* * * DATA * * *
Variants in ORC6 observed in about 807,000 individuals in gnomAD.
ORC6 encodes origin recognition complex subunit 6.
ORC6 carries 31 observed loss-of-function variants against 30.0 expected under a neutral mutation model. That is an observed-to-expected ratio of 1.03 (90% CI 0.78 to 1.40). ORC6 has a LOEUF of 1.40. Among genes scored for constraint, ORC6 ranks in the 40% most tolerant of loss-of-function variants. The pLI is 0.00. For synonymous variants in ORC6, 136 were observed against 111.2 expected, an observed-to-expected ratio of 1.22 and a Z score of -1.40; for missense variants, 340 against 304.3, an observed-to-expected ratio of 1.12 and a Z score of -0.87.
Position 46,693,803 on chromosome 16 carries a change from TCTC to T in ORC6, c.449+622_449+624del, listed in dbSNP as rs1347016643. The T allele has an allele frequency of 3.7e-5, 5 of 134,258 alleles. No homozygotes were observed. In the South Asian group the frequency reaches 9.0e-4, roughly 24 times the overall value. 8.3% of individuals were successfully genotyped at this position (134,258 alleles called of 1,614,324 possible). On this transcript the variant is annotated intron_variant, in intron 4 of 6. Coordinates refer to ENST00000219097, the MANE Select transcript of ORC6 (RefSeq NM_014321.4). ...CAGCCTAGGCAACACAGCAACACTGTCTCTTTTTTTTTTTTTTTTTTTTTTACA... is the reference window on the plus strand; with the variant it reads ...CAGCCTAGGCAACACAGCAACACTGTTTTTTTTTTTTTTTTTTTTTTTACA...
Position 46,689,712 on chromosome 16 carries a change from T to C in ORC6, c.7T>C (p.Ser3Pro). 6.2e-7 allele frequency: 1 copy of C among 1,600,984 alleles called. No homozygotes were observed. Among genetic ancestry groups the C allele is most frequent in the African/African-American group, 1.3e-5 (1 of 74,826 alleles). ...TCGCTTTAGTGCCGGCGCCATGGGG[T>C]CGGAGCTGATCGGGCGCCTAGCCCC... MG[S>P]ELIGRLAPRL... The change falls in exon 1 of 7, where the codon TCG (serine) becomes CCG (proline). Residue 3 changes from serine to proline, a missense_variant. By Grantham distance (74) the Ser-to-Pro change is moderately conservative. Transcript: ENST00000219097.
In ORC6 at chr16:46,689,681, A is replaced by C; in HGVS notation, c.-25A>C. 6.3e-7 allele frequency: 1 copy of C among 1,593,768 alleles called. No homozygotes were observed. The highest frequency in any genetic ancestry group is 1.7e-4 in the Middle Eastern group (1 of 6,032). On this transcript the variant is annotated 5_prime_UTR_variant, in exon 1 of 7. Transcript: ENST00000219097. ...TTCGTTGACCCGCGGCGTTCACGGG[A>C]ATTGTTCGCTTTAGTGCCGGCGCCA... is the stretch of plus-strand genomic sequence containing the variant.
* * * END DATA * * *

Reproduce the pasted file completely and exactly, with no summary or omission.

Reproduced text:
Variants in ORC6 observed in about 807,000 individuals in gnomAD.
ORC6 encodes origin recognition complex subunit 6.
ORC6 carries 31 observed loss-of-function variants against 30.0 expected under a neutral mutation model. That is an observed-to-expected ratio of 1.03 (90% CI 0.78 to 1.40). ORC6 has a LOEUF of 1.40. Among genes scored for constraint, ORC6 ranks in the 40% most tolerant of loss-of-function variants. The pLI is 0.00. For synonymous variants in ORC6, 136 were observed against 111.2 expected, an observed-to-expected ratio of 1.22 and a Z score of -1.40; for missense variants, 340 against 304.3, an observed-to-expected ratio of 1.12 and a Z score of -0.87.
Position 46,693,803 on chromosome 16 carries a change from TCTC to T in ORC6, c.449+622_449+624del, listed in dbSNP as rs1347016643. The T allele has an allele frequency of 3.7e-5, 5 of 134,258 alleles. No homozygotes were observed. In the South Asian group the frequency reaches 9.0e-4, roughly 24 times the overall value. 8.3% of individuals were successfully genotyped at this position (134,258 alleles called of 1,614,324 possible). On this transcript the variant is annotated intron_variant, in intron 4 of 6. Coordinates refer to ENST00000219097, the MANE Select transcript of ORC6 (RefSeq NM_014321.4). ...CAGCCTAGGCAACACAGCAACACTGTCTCTTTTTTTTTTTTTTTTTTTTTTACA... is the reference window on the plus strand; with the variant it reads ...CAGCCTAGGCAACACAGCAACACTGTTTTTTTTTTTTTTTTTTTTTTTACA...
Position 46,689,712 on chromosome 16 carries a change from T to C in ORC6, c.7T>C (p.Ser3Pro). 6.2e-7 allele frequency: 1 copy of C among 1,600,984 alleles called. No homozygotes were observed. Among genetic ancestry groups the C allele is most frequent in the African/African-American group, 1.3e-5 (1 of 74,826 alleles). ...TCGCTTTAGTGCCGGCGCCATGGGG[T>C]CGGAGCTGATCGGGCGCCTAGCCCC... MG[S>P]ELIGRLAPRL... The change falls in exon 1 of 7, where the codon TCG (serine) becomes CCG (proline). Residue 3 changes from serine to proline, a missense_variant. By Grantham distance (74) the Ser-to-Pro change is moderately conservative. Transcript: ENST00000219097.
In ORC6 at chr16:46,689,681, A is replaced by C; in HGVS notation, c.-25A>C. 6.3e-7 allele frequency: 1 copy of C among 1,593,768 alleles called. No homozygotes were observed. The highest frequency in any genetic ancestry group is 1.7e-4 in the Middle Eastern group (1 of 6,032). On this transcript the variant is annotated 5_prime_UTR_variant, in exon 1 of 7. Transcript: ENST00000219097. ...TTCGTTGACCCGCGGCGTTCACGGG[A>C]ATTGTTCGCTTTAGTGCCGGCGCCA... is the stretch of plus-strand genomic sequence containing the variant.